12
Jan
2017

Joy-Full Fellowship (Part 3): The Tabernacle

We continue our expedition through the biblical drama of the triune God’s pursuit of union and communion with his people in joy-full fellowship (Ps. 16:11). The promise, “I will be your God and you will be my people,” is the refrain of his heart that reverberates at every turn in the story to the glory of his name and the good of his people. We’ve already considered the blueprint of God’s plan for consummate fellowship in the garden and the way in which he continued his pursuit of it in the face of sin, death and rebellion during the era of the patriarchs. However, the temporary meetings between God and Abraham, Isaac, and Jacob ached for something more as they were only faint experiences that left so much more to be desired. What Israel needed was for God to take up permanent residency in their midst. This he would do in the tabernacle.

God’s Presence in the Cloud

During the exodus from Egypt we read of these two peculiar pillars, one of cloud and the other of fire, which led the Israelites during the day and at night, respectively (Exod. 13:21–22). Later we read of Israel seeing the glory of the Lord appearing in the cloud (Exod. 16:10) and the Lord informing Moses that he is coming to him in a thick cloud (Exod. 19:9), which descends upon Mount Sinai (Exod. 19:16; 24:15). Thus, the glory of the Lord dwelt on Mount Sinai in the cloud (Exod. 24:15–16) and Moses was summoned to enter the cloud, where he met with the Lord (Exod. 24:18). The point here is that God dwelt in the covering of the cloud—his presence was there. And if God’s presence is in the cloud, then Mount Sinai, upon which the cloud descended, can be considered a mountain-temple.[1]

The Purpose of the Tabernacle

Beginning in Exodus 25 we are informed of the Lord’s speech to Moses inside the mountain-temple, which instructs him to receive freewill contributions from the people to build a sanctuary according to the specifications that he will lay out (Exod. 25:10–30:38). Why? God gives us his reason: “And let them make me a sanctuary, that I may dwell in their midst” (Exod. 25:8). This is a remarkable statement in light of previous redemptive-history. Adam was banished from Eden where he dwelt with God and the patriarchs only had temporary visits from him, but now God is going to take up residence in the center of Israel’s camp, he will dwell among his people in the tabernacle! This is a major step toward the fulfillment of Psalm 16:11 and the consummative picture of Revelation 21–22.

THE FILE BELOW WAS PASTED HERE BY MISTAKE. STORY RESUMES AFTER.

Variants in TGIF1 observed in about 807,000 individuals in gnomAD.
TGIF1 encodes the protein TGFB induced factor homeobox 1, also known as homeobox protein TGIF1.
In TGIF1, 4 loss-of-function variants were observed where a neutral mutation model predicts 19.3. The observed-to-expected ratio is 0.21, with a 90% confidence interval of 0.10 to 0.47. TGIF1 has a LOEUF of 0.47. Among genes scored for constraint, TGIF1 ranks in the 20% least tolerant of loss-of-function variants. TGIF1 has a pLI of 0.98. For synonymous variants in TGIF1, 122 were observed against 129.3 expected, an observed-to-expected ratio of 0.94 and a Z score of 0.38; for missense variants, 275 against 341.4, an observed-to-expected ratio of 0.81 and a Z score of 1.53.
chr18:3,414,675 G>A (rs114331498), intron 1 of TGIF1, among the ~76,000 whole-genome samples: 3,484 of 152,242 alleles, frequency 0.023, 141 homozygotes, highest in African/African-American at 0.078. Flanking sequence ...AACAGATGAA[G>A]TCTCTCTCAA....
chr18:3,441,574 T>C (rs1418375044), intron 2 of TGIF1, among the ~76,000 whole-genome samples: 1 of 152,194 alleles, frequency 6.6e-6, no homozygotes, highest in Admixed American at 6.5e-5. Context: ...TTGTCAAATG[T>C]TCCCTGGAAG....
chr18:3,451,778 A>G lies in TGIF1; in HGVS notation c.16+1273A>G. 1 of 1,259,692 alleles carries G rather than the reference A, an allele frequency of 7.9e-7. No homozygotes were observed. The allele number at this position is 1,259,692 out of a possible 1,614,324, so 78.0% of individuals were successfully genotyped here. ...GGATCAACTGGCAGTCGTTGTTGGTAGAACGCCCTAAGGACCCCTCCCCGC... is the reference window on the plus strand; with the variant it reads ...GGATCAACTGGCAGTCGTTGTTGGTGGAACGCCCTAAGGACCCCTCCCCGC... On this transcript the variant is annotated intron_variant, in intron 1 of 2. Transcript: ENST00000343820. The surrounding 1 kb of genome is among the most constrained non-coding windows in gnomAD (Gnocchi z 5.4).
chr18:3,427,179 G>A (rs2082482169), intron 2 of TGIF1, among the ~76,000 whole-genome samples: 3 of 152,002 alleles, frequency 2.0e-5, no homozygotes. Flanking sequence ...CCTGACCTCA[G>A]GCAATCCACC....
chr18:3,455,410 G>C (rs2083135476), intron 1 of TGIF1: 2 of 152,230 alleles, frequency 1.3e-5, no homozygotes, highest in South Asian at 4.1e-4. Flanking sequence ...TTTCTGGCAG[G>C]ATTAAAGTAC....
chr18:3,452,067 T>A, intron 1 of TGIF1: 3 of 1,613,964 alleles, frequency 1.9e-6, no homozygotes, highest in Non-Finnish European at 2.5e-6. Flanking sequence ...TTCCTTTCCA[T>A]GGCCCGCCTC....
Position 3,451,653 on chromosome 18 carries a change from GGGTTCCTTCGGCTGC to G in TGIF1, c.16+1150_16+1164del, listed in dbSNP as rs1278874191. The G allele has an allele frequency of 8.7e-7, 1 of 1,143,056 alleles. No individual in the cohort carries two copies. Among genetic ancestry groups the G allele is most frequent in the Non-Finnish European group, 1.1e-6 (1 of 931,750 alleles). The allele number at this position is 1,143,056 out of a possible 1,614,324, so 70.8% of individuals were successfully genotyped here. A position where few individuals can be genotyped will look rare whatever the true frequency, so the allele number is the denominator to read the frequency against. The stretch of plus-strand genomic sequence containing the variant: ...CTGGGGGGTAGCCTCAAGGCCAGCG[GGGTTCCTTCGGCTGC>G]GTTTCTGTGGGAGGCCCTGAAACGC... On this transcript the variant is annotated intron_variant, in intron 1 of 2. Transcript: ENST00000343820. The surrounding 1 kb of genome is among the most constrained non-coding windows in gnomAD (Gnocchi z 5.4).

Patterned After the Heavenly Tabernacle

After the Lord discloses his purpose for building the tabernacle, he includes precise instructions for building it and the various articles that will inhabit it. These instructions are not random or arbitrary, but patterned after the heavenly tabernacle. In this way, the heavenly tabernacle is shadowed down from heaven to earth in the earthly tabernacle (cf. Heb. 8:5–6). Geerhardus Vos explains from the epistle to the Hebrews,

When the Epistle [to the Hebrews] speaks of shadowing this means shadowing down (from heaven to earth), not shadowing forward (from Old Testament to New Testament). … The New Testament is not merely a reproduction of the Heavenly Reality, but its actual substance, the Reality itself come down from heaven. … In [Hebrews] 9:24 the author speaks of the earthly tabernacle as the antitype of the true tabernacle. … This manner of speaking differs from our own, and also from that of Paul and Peter. The latter uniformly regard the Old Testament as the type of which the New Testament is the antitype; this is the common New Testament usage. But the author of Hebrews, on the contrary, speaks of the Old Testament as the antitype. An antitype, of course, always has a type lying back of it as its model. To find the original type, of which the Old Testament is the antitype, then, we must go back of the Old Testament to heaven. This heavenly type was shown to Moses on Mount Sinai.[2]